A STRUGGLE FOR PRIMACY
I can see him clearly through the window, John Walton, looking not a day over fifty. Revolting! Cloned flesh adhered to a metal skeleton, a computer brain inside. A stain upon all that is moral and pure. A man who thinks he is above death.
I try to picture what I need to do, but cringe at the thought of it. But my very disgust, my horror, my loathing, only reinforce my determination. My mission must be completed. Those who would live as gods must be brought down, the world must be made safe for the rest of us.
After his granddaughter has tucked her children in and gone up to bed with her husband, I wait another twenty minutes. He remains in the living room, the lights out, watching the flexidisplay.
I go through a last minute check: the battery pack is charged, my rifle loaded and ready. I inhale deeply and exhale, once, twice, three times. Then I’m off, out from behind the tree, moving across the yard. I heave the brick through the window and swing the sight of my rifle to eye level.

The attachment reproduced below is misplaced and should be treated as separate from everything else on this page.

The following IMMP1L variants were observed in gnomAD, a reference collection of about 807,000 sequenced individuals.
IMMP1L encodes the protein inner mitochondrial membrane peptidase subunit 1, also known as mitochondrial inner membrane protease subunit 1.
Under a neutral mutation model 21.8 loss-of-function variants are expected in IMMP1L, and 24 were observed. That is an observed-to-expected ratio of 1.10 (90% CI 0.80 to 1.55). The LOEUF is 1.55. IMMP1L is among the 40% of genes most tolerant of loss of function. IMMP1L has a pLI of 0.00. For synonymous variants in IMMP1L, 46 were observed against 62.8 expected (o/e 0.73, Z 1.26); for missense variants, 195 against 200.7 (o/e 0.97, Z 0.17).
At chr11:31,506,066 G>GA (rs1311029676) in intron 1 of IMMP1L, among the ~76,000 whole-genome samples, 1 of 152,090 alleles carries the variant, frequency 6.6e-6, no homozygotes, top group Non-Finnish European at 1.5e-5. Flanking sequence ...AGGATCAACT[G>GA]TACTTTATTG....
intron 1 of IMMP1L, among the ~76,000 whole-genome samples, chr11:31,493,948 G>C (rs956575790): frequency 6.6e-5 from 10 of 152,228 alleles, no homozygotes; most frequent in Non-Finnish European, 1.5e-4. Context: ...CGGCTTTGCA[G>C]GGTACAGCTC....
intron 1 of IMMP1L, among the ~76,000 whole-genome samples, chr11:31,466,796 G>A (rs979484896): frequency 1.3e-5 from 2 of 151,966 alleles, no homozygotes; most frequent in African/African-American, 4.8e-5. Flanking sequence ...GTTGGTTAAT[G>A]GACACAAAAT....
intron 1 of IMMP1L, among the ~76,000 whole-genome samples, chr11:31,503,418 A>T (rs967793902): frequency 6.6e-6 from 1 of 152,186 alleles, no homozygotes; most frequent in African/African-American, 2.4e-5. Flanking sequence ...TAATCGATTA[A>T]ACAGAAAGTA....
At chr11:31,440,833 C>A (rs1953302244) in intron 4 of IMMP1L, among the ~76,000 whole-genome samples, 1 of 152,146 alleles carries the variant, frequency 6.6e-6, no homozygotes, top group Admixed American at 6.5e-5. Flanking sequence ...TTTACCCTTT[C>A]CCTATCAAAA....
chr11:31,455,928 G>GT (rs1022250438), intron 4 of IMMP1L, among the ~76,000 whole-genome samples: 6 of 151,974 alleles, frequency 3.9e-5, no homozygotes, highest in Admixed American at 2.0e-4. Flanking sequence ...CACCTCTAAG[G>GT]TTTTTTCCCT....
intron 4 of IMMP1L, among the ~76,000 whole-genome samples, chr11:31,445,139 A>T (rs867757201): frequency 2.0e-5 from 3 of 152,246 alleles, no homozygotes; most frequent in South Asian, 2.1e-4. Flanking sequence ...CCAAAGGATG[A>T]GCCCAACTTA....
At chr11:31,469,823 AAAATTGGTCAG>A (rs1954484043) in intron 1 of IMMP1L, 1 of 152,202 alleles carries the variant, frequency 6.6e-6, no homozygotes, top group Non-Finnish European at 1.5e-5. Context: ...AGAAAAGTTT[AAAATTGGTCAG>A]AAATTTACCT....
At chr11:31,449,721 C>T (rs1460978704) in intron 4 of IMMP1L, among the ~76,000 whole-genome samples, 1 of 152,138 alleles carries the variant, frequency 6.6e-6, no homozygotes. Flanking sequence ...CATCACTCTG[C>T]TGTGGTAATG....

At the sound of shattering glass, he stands and turns. The first shot is clean, his right temple sheared off by the bullet specially designed to fragment into buckshot on impact. His hand jerks up to the side of his face, he screams in agony, but then his pain suppression algorithms kick in. His eyes flash in anger, and he scans the lawn, searching for me.
As he begins moving in my direction, I steady and aim again. I squeeze the trigger, but he’s moving too quickly, too unpredictably. Having located me, he’s run to the window, swung over the ledge, and launched himself onto the lawn.
You self-righteous little wretch, he sneers. You think bullets can hurt me? You think I would spend millions to build a fusion to load my mind into and they wouldn’t bother to make it bulletproof?